COUNCIL BLUFFS, Iowa — In a 3-2 vote Thursday, the Iowa Racing and Gaming Commission awarded a state gaming license to the developer of a Hard Rock-branded casino.
The $118.5 million project incorporating the historic Battery Building in downtown Sioux City beat out three other land-based bids.
They included Penn National Gaming Co., which operates the Argosy Sioux City gambling boat, which will be replaced by the Hard Rock, most likely in summer 2014.
Penn, which offered a pair of Hollywood-themed land casino proposals, becomes the first Iowa operator forced out of a market through competitive bidding since the state legalized casino gaming in 1989.
Although all the developers offered strong proposals, the three commissioners in the majority said the Hard Rock plan had the best option to grow casino revenues, tourism and economic activity in the state and local community.
"I just felt there was a slight edge on the overall economic impact for Hard Rock," commission Chairman Jeff Lamberti said after the meeting at the Mid-America Center in Council Bluffs.
Commissioners Carl Heinrich of Council Bluffs and Kris Kramer of New Hampton joined Lamberti in voting for the Hard Rock. Commission Vice Chairman Greg Seyfer of Cedar Rapids, supported the Hollywood Casino in downtown Sioux City, and Commissioner Delores Mertz of Algona favored the Warrior Casino & Hotel.
The nail-biting vote Thursday capped nearly five months of deliberations by the commissioners and an emotional, high-stakes fight for more than a year that led to the high-profile breakup of Penn and Missouri River Historical Development, the local nonprofit group that has shared the state gaming license for the Sioux City riverboat since 1993.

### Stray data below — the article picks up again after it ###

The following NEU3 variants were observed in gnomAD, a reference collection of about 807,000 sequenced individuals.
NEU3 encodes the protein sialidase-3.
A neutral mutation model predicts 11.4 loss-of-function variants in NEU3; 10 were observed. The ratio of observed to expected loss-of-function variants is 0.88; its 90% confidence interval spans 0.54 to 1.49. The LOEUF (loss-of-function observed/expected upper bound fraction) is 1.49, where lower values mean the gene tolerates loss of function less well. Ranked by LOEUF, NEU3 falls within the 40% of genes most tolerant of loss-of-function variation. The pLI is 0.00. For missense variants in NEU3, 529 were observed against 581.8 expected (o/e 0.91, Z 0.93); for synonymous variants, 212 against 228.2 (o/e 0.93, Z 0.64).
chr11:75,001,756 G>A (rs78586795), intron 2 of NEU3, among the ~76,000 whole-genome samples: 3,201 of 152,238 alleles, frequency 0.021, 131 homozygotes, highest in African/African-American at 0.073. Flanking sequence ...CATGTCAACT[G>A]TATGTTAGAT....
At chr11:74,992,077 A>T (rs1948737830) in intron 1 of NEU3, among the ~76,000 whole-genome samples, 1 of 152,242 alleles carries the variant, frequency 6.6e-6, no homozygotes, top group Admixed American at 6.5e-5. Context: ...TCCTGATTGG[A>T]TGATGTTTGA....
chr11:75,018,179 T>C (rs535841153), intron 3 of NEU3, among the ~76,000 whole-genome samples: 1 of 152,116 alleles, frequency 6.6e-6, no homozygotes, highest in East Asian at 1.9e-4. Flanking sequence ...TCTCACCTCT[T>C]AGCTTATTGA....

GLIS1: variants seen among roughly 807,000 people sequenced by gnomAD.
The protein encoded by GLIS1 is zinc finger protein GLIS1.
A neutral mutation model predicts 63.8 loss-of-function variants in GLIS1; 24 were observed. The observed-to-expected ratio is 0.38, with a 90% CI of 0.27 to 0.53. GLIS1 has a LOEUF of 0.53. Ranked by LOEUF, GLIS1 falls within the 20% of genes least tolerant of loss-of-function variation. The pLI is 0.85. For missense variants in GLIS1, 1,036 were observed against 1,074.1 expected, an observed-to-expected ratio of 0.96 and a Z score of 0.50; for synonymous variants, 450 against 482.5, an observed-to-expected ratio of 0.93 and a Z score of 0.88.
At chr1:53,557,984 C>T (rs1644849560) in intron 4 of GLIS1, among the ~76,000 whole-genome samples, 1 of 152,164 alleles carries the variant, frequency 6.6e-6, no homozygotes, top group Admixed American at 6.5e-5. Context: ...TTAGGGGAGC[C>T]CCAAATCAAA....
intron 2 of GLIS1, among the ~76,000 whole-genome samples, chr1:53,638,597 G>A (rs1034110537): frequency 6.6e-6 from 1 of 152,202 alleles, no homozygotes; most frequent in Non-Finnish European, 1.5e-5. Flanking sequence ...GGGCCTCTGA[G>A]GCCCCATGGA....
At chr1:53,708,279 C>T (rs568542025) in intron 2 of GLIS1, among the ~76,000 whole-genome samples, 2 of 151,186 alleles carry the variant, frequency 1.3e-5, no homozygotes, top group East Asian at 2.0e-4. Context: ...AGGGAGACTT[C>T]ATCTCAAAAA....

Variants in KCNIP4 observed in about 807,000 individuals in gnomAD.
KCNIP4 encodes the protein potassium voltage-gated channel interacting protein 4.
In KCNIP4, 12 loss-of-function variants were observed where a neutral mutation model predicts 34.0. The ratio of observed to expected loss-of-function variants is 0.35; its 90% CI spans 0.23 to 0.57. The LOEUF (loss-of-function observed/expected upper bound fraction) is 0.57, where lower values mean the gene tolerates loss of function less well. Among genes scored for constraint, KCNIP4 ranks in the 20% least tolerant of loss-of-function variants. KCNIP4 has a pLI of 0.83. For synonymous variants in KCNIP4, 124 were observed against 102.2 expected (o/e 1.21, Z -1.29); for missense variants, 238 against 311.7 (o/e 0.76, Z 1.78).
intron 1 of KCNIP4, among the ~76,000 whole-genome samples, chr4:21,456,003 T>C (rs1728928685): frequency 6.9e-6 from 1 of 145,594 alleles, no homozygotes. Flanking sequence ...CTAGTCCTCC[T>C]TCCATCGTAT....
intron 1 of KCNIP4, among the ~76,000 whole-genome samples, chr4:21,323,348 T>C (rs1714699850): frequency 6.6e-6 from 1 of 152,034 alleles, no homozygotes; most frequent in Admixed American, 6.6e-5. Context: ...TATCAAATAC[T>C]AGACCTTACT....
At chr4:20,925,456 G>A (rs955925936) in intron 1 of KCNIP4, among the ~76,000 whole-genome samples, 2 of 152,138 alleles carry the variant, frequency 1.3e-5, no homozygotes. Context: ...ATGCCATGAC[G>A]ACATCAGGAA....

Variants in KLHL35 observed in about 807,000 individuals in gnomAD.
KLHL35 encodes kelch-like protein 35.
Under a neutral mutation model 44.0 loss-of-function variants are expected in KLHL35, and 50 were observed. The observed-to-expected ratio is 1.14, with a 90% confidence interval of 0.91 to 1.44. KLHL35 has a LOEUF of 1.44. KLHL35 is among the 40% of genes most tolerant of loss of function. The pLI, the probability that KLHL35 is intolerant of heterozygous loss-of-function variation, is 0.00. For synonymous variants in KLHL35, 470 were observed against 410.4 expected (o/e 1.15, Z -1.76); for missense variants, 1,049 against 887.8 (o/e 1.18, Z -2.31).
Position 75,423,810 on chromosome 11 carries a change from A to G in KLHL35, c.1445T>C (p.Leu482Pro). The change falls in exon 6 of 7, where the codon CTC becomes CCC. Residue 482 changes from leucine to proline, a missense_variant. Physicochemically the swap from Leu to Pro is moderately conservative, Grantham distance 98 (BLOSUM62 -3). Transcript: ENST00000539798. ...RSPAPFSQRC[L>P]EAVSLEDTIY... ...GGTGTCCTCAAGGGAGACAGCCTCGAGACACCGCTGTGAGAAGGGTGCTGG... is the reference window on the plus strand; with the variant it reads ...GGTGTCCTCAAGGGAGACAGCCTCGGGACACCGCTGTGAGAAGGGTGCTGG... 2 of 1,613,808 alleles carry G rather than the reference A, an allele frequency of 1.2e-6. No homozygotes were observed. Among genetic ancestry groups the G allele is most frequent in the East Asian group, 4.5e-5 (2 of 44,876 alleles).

After talks between the nonprofit and Penn on a long-term deal that would have included a new land casino collapsed last summer, the gaming commission took the unprecedented step of putting the Woodbury County license up for bid.
Last fall, Missouri River Historical Development switched its allegiance to Sioux City Entertainment, the Las Vegas-based Hard Rock developer.
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Bill Warner, president of Sioux City Entertainment, was beaming after the vote.
"I'm obviously excited," Warner said. "I feel very good. I feel very thankful for the support of people of Sioux City."
Penn spokeswoman Karen Bailey said the company was "obviously disappointed" with the commission's decision and how it would affect the company's employees and shareholders.
The vote left many Argosy Casino employees who traveled by bus to Council Bluffs shocked as they filed out of the meeting. Several employees, wearing T-shirts that read "I Love Hollywood Casino," left in tears.
Lance Morgan, CEO of Ho-Chunk Inc., which led the Warrior development, said the group spent in excess of $800,000 putting its bid together. Ho-Chunk is the economic development corporation owned by the Winnebago Tribe of Nebraska.
A potential court fight looms over the selection. Last year, Penn asked a state judge to review the gaming commission's decisions to put the Argosy's license up for grabs and not approve a contract extension between Penn and Missouri River Historical Development. In a separate court filing, Penn also is suing the nonprofit for breach of contract.